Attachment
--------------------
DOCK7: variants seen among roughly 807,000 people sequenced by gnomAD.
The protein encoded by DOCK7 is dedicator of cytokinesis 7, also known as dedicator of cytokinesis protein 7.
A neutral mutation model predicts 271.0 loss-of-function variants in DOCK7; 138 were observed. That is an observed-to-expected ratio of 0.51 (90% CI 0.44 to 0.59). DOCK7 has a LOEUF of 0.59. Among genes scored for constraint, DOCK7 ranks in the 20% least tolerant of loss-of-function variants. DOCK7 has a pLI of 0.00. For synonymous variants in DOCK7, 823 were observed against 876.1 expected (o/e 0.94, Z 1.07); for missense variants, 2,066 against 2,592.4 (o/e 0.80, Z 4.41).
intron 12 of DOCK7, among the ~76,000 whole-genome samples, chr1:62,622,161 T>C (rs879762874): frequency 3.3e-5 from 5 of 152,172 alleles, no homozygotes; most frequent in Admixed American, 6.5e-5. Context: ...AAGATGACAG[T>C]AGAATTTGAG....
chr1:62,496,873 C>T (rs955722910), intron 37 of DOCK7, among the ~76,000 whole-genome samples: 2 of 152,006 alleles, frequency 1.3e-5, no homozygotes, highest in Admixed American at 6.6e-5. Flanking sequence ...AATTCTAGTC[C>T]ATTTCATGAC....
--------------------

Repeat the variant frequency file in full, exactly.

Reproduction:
DOCK7: variants seen among roughly 807,000 people sequenced by gnomAD.
The protein encoded by DOCK7 is dedicator of cytokinesis 7, also known as dedicator of cytokinesis protein 7.
A neutral mutation model predicts 271.0 loss-of-function variants in DOCK7; 138 were observed. That is an observed-to-expected ratio of 0.51 (90% CI 0.44 to 0.59). DOCK7 has a LOEUF of 0.59. Among genes scored for constraint, DOCK7 ranks in the 20% least tolerant of loss-of-function variants. DOCK7 has a pLI of 0.00. For synonymous variants in DOCK7, 823 were observed against 876.1 expected (o/e 0.94, Z 1.07); for missense variants, 2,066 against 2,592.4 (o/e 0.80, Z 4.41).
intron 12 of DOCK7, among the ~76,000 whole-genome samples, chr1:62,622,161 T>C (rs879762874): frequency 3.3e-5 from 5 of 152,172 alleles, no homozygotes; most frequent in Admixed American, 6.5e-5. Context: ...AAGATGACAG[T>C]AGAATTTGAG....
chr1:62,496,873 C>T (rs955722910), intron 37 of DOCK7, among the ~76,000 whole-genome samples: 2 of 152,006 alleles, frequency 1.3e-5, no homozygotes, highest in Admixed American at 6.6e-5. Flanking sequence ...AATTCTAGTC[C>T]ATTTCATGAC....